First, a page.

How to Get Soda Stains Out of Carpet

Updated November 21, 2016

Soda spills are a common household mishap, particularly in homes with small children. If the fizzy liquid seeps into the fibres of the carpet, it can leave more than a sticky residue behind. Many sodas contain artificial colours that can leave unsightly stains on fabrics. Red and orange sodas leave marks that can be particularly difficult to clean. Nonetheless, armed with a few household items and a lot of patience, even soaked-in stains can be removed. As with all stains, the process will be much easier if begun when the spill is still fresh.

Place a paper towel over the stain. Press down firmly, wicking up as much of the soda as possible. Replace soiled towels as needed. Repeat until the paper towel comes away dry.

Combine 1 1/2 tsp of white distilled vinegar and 1 1/2 tsp of liquid dish washing soap. Pour 1 cup of warm water over the soap mixture. Stir briskly until a light lather is formed.

Dip a soft, white cloth into the soap solution. Wring the material firmly to get rid of any excess fluid. Dab the stain with the moist material. Work from the outside edge toward the centre, blotting gently as you go. When the entire stain has been treated, stroke the affected area gently, moving the cloth with the nap of the fibres to loosen sticky sugar residue.

Wipe the soap away with a damp cloth. Press a paper towel against the affected area to soak up any excess moisture.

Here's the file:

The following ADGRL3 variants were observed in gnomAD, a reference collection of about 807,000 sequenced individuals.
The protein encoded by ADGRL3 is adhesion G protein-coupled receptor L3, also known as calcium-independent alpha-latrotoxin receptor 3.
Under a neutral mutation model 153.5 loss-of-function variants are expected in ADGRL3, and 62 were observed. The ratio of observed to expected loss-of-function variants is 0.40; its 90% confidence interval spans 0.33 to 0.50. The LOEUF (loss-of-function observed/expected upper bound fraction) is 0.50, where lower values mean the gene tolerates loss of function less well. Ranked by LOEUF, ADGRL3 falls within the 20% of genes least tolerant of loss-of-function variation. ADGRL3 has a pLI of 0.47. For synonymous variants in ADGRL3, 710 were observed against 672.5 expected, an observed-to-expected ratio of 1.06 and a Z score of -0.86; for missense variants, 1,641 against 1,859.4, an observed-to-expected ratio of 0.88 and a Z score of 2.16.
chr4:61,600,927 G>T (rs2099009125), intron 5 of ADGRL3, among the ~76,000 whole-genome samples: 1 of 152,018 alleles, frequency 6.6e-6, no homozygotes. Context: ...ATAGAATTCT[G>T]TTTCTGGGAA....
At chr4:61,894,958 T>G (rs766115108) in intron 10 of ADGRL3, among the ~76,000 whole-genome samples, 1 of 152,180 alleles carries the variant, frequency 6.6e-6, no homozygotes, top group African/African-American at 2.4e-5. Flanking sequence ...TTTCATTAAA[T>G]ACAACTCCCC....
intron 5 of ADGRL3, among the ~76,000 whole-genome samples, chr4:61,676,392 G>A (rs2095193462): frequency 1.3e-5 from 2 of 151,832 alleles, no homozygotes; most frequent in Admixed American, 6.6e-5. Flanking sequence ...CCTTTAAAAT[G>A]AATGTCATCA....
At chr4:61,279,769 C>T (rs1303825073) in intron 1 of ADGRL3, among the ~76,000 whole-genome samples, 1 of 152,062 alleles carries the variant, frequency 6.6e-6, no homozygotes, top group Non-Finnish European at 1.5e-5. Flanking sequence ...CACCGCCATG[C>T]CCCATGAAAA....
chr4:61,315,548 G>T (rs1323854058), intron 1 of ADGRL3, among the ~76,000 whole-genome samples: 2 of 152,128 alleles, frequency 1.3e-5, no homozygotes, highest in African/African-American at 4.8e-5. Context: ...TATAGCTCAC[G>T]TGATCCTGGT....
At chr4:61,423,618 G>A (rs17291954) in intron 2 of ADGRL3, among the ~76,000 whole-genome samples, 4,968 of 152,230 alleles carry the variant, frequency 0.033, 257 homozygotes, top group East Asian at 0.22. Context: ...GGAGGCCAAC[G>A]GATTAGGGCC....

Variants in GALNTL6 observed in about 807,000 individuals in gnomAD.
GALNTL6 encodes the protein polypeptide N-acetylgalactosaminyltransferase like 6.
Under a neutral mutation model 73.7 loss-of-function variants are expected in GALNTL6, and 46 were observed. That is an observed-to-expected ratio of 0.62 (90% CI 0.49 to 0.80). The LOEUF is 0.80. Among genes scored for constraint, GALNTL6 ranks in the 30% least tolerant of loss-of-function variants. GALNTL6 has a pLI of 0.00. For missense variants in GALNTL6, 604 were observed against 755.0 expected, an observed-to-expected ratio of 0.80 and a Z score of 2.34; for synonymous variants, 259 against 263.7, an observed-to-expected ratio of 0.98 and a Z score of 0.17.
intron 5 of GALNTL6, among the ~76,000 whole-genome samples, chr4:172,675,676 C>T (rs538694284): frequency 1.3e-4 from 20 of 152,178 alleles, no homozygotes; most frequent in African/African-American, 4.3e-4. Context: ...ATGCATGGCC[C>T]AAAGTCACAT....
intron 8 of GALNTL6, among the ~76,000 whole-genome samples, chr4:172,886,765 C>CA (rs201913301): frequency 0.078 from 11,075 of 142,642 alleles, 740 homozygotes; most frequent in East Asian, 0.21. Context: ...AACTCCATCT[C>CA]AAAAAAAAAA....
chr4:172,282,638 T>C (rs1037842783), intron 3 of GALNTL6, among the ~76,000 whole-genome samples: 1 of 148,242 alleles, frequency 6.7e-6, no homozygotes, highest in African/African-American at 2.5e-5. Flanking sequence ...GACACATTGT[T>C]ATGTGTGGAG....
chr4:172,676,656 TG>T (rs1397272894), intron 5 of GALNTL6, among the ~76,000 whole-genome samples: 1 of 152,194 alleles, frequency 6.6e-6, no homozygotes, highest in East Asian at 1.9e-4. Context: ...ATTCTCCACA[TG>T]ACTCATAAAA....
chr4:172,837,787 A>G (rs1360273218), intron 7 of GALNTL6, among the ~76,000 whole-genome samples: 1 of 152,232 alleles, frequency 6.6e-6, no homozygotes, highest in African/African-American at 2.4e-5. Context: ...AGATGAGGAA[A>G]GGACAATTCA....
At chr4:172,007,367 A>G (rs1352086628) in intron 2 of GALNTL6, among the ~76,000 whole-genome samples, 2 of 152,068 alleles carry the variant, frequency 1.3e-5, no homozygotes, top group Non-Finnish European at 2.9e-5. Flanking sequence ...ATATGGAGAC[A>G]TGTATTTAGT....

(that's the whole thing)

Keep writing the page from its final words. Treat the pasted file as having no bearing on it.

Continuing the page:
Cover any remaining stains with a white cloth that has been saturated in soap solution. Plug in a standard household iron and adjust the setting to low. Wait for the iron to warm then place it on top of the cloth. Do not apply pressure to the iron. Leave the iron in place for 15 minutes. Replace the cloth and repeat until the stain is gone.

Apply 3 per cent hydrogen peroxide to the stain with a soft cloth as a last resort. When exposed to light, peroxide breaks down into oxygen and water, therefore rinsing is not necessary. Use this remedy with caution. While peroxide is a reliable stain remover, it can also remove dyes, lightening fibres and fabrics in the process.


Test any treatment in an out of the way area before applying it to the stain.

Things You'll Need

  • Paper towels
  • 1 1/2 tsp white distilled vinegar
  • 1 1/2 tsp liquid dish washing soap
  • White cloths
  • Iron
  • 3 per cent hydrogen peroxide
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About the Author

Lisa Parris is a writer and former features editor of "The Caldwell County News." Her work has also appeared in the "Journal of Comparative Parasitology," "The Monterey County Herald" and "The Richmond Daily News." In 2012, Parris was honored with awards from the Missouri Press Association for best feature story, best feature series and best humor series.